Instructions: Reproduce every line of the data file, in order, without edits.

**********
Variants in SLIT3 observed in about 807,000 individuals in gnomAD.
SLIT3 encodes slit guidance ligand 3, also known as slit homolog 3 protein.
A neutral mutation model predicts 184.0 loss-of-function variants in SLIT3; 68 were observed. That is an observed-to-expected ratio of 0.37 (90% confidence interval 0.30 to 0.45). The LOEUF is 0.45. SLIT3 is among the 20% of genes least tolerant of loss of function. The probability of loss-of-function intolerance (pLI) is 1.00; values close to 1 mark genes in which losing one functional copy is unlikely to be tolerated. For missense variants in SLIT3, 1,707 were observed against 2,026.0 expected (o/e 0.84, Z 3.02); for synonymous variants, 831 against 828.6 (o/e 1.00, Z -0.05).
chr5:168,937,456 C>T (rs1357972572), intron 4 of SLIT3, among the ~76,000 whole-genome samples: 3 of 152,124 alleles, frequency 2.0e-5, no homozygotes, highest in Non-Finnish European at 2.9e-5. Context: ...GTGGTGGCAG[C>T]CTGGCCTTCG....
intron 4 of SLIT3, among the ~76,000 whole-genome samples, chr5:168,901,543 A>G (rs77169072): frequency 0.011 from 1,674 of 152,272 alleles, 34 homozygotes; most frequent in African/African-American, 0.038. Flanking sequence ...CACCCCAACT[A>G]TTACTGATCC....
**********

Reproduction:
Variants in SLIT3 observed in about 807,000 individuals in gnomAD.
SLIT3 encodes slit guidance ligand 3, also known as slit homolog 3 protein.
A neutral mutation model predicts 184.0 loss-of-function variants in SLIT3; 68 were observed. That is an observed-to-expected ratio of 0.37 (90% confidence interval 0.30 to 0.45). The LOEUF is 0.45. SLIT3 is among the 20% of genes least tolerant of loss of function. The probability of loss-of-function intolerance (pLI) is 1.00; values close to 1 mark genes in which losing one functional copy is unlikely to be tolerated. For missense variants in SLIT3, 1,707 were observed against 2,026.0 expected (o/e 0.84, Z 3.02); for synonymous variants, 831 against 828.6 (o/e 1.00, Z -0.05).
chr5:168,937,456 C>T (rs1357972572), intron 4 of SLIT3, among the ~76,000 whole-genome samples: 3 of 152,124 alleles, frequency 2.0e-5, no homozygotes, highest in Non-Finnish European at 2.9e-5. Context: ...GTGGTGGCAG[C>T]CTGGCCTTCG....
intron 4 of SLIT3, among the ~76,000 whole-genome samples, chr5:168,901,543 A>G (rs77169072): frequency 0.011 from 1,674 of 152,272 alleles, 34 homozygotes; most frequent in African/African-American, 0.038. Flanking sequence ...CACCCCAACT[A>G]TTACTGATCC....